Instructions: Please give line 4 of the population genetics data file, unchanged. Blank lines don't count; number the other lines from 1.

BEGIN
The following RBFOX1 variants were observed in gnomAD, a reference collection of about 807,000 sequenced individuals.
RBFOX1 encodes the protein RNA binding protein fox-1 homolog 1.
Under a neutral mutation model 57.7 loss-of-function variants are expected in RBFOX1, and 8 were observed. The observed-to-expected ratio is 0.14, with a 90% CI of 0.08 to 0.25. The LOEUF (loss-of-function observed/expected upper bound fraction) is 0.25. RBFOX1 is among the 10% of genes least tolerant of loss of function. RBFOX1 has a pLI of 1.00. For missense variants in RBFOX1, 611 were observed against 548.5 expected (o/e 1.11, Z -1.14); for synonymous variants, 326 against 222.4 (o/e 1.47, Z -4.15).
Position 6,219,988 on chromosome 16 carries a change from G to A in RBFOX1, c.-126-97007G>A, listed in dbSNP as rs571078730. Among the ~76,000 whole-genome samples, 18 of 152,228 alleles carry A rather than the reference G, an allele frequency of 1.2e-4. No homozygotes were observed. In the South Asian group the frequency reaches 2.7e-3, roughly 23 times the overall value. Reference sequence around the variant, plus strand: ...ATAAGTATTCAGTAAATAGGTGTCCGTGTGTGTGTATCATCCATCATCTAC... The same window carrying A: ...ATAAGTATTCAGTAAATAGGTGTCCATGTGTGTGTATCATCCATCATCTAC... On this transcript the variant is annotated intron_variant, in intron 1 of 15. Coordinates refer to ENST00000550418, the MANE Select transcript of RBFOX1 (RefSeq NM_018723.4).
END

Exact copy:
Position 6,219,988 on chromosome 16 carries a change from G to A in RBFOX1, c.-126-97007G>A, listed in dbSNP as rs571078730. Among the ~76,000 whole-genome samples, 18 of 152,228 alleles carry A rather than the reference G, an allele frequency of 1.2e-4. No homozygotes were observed. In the South Asian group the frequency reaches 2.7e-3, roughly 23 times the overall value. Reference sequence around the variant, plus strand: ...ATAAGTATTCAGTAAATAGGTGTCCGTGTGTGTGTATCATCCATCATCTAC... The same window carrying A: ...ATAAGTATTCAGTAAATAGGTGTCCATGTGTGTGTATCATCCATCATCTAC... On this transcript the variant is annotated intron_variant, in intron 1 of 15. Coordinates refer to ENST00000550418, the MANE Select transcript of RBFOX1 (RefSeq NM_018723.4).